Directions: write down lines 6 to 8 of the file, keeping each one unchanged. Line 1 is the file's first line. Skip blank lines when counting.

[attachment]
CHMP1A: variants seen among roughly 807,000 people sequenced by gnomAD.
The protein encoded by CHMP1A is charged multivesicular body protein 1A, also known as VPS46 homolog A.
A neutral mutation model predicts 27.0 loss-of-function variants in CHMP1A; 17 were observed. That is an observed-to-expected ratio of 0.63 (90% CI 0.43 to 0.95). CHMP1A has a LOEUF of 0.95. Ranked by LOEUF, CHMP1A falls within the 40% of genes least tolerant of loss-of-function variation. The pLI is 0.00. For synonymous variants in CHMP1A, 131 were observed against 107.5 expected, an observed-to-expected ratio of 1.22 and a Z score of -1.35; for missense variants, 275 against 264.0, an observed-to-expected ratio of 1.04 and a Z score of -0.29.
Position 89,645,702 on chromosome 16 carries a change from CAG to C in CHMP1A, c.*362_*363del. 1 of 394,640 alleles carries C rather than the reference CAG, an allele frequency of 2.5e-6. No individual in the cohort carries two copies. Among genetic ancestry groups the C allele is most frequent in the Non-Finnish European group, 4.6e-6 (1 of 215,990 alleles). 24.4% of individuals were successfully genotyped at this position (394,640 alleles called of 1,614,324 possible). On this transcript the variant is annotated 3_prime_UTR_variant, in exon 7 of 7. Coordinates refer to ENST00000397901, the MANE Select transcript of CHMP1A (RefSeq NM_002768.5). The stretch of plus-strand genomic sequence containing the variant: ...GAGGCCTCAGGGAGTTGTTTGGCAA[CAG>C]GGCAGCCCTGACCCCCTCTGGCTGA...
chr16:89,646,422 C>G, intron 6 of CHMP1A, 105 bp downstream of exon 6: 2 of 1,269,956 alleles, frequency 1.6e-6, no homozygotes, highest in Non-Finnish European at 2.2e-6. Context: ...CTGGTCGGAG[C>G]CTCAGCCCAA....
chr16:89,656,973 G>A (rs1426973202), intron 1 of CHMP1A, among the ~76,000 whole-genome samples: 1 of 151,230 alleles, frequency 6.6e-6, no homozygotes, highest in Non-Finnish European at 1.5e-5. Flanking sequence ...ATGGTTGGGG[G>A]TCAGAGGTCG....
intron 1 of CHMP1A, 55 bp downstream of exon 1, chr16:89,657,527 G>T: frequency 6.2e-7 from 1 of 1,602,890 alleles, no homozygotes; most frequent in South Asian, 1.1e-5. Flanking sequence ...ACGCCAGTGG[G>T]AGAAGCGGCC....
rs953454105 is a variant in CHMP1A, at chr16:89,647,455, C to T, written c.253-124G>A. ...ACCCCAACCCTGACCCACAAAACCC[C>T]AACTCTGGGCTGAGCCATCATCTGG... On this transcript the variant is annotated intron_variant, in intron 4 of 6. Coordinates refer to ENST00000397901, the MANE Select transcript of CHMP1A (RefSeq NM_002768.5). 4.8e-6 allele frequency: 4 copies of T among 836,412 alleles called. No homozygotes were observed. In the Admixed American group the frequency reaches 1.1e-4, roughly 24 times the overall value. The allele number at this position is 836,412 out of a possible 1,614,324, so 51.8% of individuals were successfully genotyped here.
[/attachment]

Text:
chr16:89,656,973 G>A (rs1426973202), intron 1 of CHMP1A, among the ~76,000 whole-genome samples: 1 of 151,230 alleles, frequency 6.6e-6, no homozygotes, highest in Non-Finnish European at 1.5e-5. Flanking sequence ...ATGGTTGGGG[G>A]TCAGAGGTCG....
intron 1 of CHMP1A, 55 bp downstream of exon 1, chr16:89,657,527 G>T: frequency 6.2e-7 from 1 of 1,602,890 alleles, no homozygotes; most frequent in South Asian, 1.1e-5. Flanking sequence ...ACGCCAGTGG[G>T]AGAAGCGGCC....
rs953454105 is a variant in CHMP1A, at chr16:89,647,455, C to T, written c.253-124G>A. ...ACCCCAACCCTGACCCACAAAACCC[C>T]AACTCTGGGCTGAGCCATCATCTGG... On this transcript the variant is annotated intron_variant, in intron 4 of 6. Coordinates refer to ENST00000397901, the MANE Select transcript of CHMP1A (RefSeq NM_002768.5). 4.8e-6 allele frequency: 4 copies of T among 836,412 alleles called. No homozygotes were observed. In the Admixed American group the frequency reaches 1.1e-4, roughly 24 times the overall value. The allele number at this position is 836,412 out of a possible 1,614,324, so 51.8% of individuals were successfully genotyped here.